Multiscale Microstructure Modeling and Design of Electrochemomechanics in Lithium-Ion Batteries
Date of Award
Doctor of Philosophy (PhD)
Committee Member 1
Committee Member 2
This thesis investigates the electro-chemo-mechanics behavior of electrodes in lithium ion batteries. One of the critical challenges in advanced lithium ion batteries is preventing fracture and mechanical failure of electrodes during lithium insertion and deinsertion. The large volume expansion, phase transition, and the associated Li diffusion induced stresses within electrode materials can lead to their fracture and failure. Numerical simulations have the potentials for design optimization of lithium ion batteries. For traditional Newman’s model, it is limited by the assumption that the electrodes are constructed with uniformly distributed spherical particles of equal size. To consider the influence of real microstrucutural effects, a 3D microstructure resolved model has been developed. The developed model considers the electrochemical reactions, Li transport in electrodes and electrolyte, lithiation induced volume change, mechanical strains and stresses, and the electro-chemo-mechanical coupling. Important parameters such as Young’s modulus were investigated by ab initio tensile tests. The Young’s modulus and ultimate strength of LixCoO2 under various lithium ion concentration were calculated. The observed Li concentration dependent mechanical properties and anisotropy are due to the changes of the Co-O bond strength during Li intercalation. The Young’s modulus and ultimate strength of LixCoO2 have a linear relationship with both the Li concentration and the charge transfer. The obtained concentration dependent expressions was used as input to the continuum model.
The model was used to study the diffusion and mechanics behaviors in polycrystalline microstructures with varying grain size, grain boundaries and crystallographic orientations. It is found that the chemical diffusion coefficients increase with increasing grain orientation angle and decrease with the decrease of the grain boundary diffusivity. For small grain boundary diffusivity, the stress increases with increasing grain orientation angle. In contrast, for large grain boundary diffusivity, the stress decreases with increasing grain orientation angle due to reduced concentration gradients in grain boundary regions. The developed model was also applied to study the diffusion induced stress in realistic microstructures reconstructed from FIB-SEM and CT. By simulating discharge processes, the results show that microstructure has a significant influence on the lithium ion diffusion and voltage response. The polarization was studied to explain the significant voltage drop at high C rate. It is obtained that the activation overpotential is the major contribution to the total polarization, and it is about 4-5 times larger than the concentration polarization. It is obtained that the stress generation inside lithium ion battery is highly dependent on microstructure. The maximum stress is more likely to occur at concave regions rather than convex regions. The study shows the maximum stresses in the concave region can be 32% larger than the convex region. The model was extended to study the phase separation and stress generation. Th extended model can track the phase boundary implicitly and can be used in complex geometries. Compared with the elliptical and spherical particles, the stress in phase-separating LiFePO4 reconstructed from nano-CT is about 1.4 times higher. In summary, a multi-scale multi-physics microstructure based model was developed to evaluate the electro-chemo-mechanics in lithium ion batteries. The model can provide a computational tool for battery materials design.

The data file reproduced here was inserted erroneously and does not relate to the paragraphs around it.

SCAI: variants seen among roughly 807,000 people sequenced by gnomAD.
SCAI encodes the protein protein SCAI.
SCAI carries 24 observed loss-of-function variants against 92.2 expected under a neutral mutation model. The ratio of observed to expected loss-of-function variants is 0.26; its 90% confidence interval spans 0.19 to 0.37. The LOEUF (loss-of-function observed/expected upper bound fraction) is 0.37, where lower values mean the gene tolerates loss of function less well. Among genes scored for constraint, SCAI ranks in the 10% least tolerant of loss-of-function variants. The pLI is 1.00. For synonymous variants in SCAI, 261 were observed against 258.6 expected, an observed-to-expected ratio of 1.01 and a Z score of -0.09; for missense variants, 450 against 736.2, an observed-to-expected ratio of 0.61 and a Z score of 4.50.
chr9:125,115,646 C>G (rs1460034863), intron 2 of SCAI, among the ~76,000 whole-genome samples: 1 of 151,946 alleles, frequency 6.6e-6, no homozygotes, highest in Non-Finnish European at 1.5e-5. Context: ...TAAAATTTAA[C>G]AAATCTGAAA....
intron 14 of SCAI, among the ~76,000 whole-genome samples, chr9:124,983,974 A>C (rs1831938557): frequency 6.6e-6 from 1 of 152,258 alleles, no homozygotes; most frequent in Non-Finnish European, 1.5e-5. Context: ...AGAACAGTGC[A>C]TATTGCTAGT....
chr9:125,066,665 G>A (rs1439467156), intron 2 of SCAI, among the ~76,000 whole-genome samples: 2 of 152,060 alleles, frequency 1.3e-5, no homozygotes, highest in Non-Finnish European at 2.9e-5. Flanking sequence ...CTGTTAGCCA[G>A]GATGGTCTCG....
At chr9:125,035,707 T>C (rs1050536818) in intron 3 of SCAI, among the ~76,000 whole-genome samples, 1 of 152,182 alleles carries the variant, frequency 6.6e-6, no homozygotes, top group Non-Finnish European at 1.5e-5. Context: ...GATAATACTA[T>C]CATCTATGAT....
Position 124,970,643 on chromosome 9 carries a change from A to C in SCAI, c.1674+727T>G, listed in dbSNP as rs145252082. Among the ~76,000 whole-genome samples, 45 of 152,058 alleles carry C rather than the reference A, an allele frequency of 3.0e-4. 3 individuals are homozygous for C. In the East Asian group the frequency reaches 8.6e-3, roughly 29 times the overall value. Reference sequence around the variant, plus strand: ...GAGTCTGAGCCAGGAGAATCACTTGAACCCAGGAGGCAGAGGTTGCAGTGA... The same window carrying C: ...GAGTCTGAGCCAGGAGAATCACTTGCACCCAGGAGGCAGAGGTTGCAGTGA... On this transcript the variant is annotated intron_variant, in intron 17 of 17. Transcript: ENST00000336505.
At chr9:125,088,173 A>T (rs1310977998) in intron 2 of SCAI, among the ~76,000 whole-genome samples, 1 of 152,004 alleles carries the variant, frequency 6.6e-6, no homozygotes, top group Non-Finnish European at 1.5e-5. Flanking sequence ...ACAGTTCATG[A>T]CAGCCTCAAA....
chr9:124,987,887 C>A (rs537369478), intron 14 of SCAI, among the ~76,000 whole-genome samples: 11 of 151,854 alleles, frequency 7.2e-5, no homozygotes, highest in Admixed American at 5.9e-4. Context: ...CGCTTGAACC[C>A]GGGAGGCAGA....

Wu, Linmin, "Multiscale Microstructure Modeling and Design of Electrochemomechanics in Lithium-Ion Batteries" (2018). Open Access Dissertations. 1844.